“The Pizza Shack moved its Belhaven-area restaurant this fall to an empty building on Fortification Street reported the Jackson (MS) Clarion-Ledger. The building used to house a dry cleaning company, and there’s still a sign out front advertising for the cleaners. That’s because until now, Pizza Shack couldn’t put its own name on its own sign in front of its own building, thanks to a city law.”

“Without any context, it sounds like a case of a bumbling government writing regulations that are best read with the Benny Hill theme song on loop. But there’s actually a good reason for it. The city tightened the sign rules in that area to require monument signs no larger than 15 square feet; these sorts of design regulations are common when a city or area wants to encourage a particular look. The existing sign is 32 square feet and sits on a pole, but because it was there before the law was written, it was grandfathered in. However, the grandfathering only applied to the prior owner — now that a new occupant is there, the law says Pizza Shack should get a new sign to conform with the design rules. This makes sense, of course: if the law didn’t draw a line at some point, the area’s signage would never transition to the new design.”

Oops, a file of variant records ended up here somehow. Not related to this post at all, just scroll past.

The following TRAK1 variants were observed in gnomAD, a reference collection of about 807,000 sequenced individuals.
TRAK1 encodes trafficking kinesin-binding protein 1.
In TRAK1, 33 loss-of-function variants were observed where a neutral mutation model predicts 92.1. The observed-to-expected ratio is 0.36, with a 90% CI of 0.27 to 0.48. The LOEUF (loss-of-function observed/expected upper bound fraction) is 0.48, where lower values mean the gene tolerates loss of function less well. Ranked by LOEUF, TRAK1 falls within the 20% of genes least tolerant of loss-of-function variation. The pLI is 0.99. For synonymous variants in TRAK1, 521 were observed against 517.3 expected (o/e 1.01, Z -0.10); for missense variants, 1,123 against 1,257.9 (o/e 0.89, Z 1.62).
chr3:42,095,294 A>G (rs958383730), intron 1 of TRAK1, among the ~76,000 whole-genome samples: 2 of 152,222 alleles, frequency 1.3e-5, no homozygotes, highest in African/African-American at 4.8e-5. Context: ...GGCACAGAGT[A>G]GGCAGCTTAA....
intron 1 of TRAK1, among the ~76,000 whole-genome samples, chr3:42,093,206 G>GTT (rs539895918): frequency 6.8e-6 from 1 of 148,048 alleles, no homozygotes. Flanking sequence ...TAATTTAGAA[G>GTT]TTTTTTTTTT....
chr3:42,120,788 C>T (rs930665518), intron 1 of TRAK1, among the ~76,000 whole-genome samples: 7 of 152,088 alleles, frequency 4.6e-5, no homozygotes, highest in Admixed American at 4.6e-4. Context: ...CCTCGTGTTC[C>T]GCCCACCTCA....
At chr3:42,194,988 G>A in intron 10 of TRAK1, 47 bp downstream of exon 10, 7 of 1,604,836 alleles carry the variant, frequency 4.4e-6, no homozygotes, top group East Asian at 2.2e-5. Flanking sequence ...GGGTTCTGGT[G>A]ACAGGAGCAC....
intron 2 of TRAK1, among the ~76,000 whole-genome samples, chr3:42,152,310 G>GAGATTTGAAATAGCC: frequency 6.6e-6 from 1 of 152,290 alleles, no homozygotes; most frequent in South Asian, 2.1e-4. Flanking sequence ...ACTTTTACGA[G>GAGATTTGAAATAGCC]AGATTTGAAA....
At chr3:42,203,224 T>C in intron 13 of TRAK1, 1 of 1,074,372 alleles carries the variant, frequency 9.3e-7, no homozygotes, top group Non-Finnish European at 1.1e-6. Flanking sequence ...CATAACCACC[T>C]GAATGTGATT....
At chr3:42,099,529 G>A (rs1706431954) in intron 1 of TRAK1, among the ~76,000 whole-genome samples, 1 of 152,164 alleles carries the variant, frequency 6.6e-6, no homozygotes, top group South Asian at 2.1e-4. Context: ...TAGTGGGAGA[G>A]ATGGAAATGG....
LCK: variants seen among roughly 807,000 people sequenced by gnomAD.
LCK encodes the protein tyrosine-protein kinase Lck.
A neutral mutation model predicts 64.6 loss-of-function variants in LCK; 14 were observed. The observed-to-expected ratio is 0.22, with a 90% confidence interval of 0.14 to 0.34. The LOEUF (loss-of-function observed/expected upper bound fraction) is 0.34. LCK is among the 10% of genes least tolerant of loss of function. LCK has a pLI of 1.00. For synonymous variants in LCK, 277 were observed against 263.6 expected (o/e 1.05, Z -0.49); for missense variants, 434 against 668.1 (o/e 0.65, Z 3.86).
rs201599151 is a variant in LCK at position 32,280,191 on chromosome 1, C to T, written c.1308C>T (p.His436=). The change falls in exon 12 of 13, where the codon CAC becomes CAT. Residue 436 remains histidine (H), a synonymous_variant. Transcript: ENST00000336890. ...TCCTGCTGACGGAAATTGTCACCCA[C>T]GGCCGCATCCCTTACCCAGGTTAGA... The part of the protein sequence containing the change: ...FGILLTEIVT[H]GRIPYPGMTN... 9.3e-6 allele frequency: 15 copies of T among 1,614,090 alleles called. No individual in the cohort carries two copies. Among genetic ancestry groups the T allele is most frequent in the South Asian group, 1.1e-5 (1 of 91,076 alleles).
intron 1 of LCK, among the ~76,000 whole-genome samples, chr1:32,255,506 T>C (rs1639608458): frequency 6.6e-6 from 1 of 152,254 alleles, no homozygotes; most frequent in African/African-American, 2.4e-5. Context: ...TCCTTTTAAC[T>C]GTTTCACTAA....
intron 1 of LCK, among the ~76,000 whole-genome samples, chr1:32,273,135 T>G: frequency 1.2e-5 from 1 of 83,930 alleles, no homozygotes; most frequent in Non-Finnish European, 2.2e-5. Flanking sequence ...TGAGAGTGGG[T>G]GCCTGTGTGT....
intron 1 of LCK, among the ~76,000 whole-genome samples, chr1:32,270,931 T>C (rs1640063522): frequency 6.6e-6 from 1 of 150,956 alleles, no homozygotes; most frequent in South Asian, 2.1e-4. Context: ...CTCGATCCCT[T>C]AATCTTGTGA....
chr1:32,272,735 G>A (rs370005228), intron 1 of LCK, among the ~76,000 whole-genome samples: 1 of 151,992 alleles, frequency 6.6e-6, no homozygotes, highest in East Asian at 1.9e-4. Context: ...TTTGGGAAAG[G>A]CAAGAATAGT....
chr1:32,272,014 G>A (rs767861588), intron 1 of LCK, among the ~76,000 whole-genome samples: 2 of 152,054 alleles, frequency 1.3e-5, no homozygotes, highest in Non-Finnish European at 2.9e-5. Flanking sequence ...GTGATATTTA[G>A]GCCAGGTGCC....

“Pizza Shack preferred to use the sign that’s already there, so the restaurant petitioned the City Council for a waiver. It passed 6-0 on Tuesday, a show of support for a business that was forced to relocate to make room for the Baptist Medical Center’s expansion.”


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